Posted by: kubke | February 7, 2010

Back to School: Don’t forget popscinz!

I have started seeing the uniformed youth heading back to school, which made me think it is time to remind everyone about one of the purposes of popscinz.

The Tui project was our first experiment on Citizen Science, but at least I hope it can go a bit further than that. If you are a teacher, are still a school student, or a parent of one (or know one for that matter), take advantage of this site. The data from the Tui project is freely available for everyone to use as they like, and I would love to see schools taking advantage of all of your contributions.

Similarly, if a citizen science project seems to be a good approach for your school, please let us know and we will give you access to the site so that you can start your own project.

It was recently pointed out to me by Cameron Neylon, that, at least in the UK Universities are considered commercial institutions. I am not sure whether that is true in New Zealand, or whether that also applies to Primary and Seconday schools. If it does, then the Creative Commons 3.0 BY-NC-SA licence that this blog is under, does not extend to all educational use.

Because there has been substantial contribution from New Zealand Citizen Scientists to this site based upon the origina licencing, I think it would not be right for me to change the licence at this point in time. However, I would like to extend the licencisng of the material that “I” contribute to the site  to be freely available for any educational purposes within and outside New Zealand.

If you would like to use content provided by the public, please contact us and we will try to help you with that.

Once again, we keep looking forward to receiving your tui sightings!


  1. hi there
    i’d love to be involved in a citizen science project monitoring water quality in new zealand national parks. i’m wondering if there are simple water quality tests that regular people could do without needing crazy equipment or training. if there was data that could be collected by people when they encounter waterways in national parks, the act of sharing this data online would create profiles of our waterways in a very public forum.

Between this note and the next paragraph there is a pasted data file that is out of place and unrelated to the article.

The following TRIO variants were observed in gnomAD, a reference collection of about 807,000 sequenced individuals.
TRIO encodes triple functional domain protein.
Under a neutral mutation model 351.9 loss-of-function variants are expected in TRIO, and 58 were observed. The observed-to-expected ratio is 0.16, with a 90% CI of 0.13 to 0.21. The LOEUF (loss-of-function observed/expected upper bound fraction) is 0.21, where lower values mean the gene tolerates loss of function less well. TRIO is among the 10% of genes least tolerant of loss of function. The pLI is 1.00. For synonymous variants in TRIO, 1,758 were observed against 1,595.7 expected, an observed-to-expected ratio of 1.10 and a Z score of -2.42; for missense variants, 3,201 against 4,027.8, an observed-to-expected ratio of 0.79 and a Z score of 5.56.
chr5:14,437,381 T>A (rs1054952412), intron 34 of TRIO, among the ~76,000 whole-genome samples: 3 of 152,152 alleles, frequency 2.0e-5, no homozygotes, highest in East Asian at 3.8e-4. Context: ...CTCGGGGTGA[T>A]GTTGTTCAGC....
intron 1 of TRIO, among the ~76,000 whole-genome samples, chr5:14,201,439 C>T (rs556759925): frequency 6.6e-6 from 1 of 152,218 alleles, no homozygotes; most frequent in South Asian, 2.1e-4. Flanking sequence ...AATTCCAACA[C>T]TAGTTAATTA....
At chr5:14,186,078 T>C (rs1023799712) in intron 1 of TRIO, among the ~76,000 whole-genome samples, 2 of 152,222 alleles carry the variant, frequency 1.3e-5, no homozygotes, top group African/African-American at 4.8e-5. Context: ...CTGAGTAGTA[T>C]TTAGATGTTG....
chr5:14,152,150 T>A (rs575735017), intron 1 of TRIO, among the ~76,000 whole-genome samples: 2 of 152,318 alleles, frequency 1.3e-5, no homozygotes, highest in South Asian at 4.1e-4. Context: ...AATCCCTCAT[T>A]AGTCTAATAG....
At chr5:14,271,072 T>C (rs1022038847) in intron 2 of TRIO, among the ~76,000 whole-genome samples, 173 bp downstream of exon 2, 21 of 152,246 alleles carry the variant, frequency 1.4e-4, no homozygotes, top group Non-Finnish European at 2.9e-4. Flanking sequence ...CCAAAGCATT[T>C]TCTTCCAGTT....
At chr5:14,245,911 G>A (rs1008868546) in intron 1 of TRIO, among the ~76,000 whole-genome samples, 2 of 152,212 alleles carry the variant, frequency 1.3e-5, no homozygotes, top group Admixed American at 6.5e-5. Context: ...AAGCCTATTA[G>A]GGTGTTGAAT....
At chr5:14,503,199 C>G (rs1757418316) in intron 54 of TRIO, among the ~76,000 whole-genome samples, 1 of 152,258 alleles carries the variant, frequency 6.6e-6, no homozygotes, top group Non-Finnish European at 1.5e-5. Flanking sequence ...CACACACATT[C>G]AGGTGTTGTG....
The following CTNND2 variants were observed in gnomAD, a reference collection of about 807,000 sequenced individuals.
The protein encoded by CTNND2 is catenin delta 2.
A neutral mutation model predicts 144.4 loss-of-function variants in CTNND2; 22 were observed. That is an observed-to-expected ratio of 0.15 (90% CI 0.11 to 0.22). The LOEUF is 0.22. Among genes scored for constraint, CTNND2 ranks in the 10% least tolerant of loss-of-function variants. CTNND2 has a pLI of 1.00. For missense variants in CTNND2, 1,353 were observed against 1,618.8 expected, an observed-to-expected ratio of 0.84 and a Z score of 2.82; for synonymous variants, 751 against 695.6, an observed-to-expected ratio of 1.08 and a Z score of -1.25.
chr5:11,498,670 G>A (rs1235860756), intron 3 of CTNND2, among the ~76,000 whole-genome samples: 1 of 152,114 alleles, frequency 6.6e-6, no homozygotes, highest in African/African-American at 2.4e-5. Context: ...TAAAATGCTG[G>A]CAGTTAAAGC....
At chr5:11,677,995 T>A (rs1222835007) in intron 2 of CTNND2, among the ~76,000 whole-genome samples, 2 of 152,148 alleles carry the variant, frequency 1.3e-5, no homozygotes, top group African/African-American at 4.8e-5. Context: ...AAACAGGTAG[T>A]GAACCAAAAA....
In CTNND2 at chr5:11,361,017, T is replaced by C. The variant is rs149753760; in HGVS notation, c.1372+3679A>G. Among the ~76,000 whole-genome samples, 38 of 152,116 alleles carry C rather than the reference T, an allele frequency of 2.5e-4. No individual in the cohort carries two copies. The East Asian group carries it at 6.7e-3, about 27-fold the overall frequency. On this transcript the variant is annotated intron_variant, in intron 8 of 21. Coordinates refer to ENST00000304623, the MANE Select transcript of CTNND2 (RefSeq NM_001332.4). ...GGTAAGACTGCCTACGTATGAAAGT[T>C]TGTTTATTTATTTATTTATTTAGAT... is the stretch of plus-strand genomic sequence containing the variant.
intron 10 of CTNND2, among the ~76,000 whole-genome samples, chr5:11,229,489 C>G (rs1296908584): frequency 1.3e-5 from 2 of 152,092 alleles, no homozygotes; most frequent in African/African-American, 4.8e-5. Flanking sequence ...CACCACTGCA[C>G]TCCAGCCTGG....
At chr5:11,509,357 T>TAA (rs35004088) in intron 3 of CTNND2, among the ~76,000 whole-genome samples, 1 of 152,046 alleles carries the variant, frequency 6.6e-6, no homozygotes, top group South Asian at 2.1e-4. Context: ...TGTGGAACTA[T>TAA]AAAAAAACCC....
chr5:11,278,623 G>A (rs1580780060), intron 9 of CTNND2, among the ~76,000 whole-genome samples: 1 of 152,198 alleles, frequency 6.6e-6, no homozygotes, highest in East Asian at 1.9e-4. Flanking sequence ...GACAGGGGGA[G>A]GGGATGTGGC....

as you might have guessed i am not a scientist. but i’m totally a citizen. cheers

    • Hi Dan,
      Thanks for your interest. Citizen Science is a great way of doing water quality monitoring. The best way to go around doing something like that would be to get in touch with a scientist or group of scientists that would be able to do the water analysis and make sure that the samples are collected in a way that make the results reliable (and therefore useful!). I am not experienced with water quality tests, but as with any other measure, the better the techonology you use, the better the results. This is important, because how much you can trust a result depends on how good and precise was the method with which you measured it, and one needs to consider what are the chances of a test telling you that the quality is bad when it isn’t or telling you it is not bad when it is. I can try to dig around and see if there are any groups that would be able to help you, and they may know of a ‘home’ test that can be trusted. It is great to see ‘non cientists’ like you willing to be involved in science. I will let you know as soon as I find something more out.

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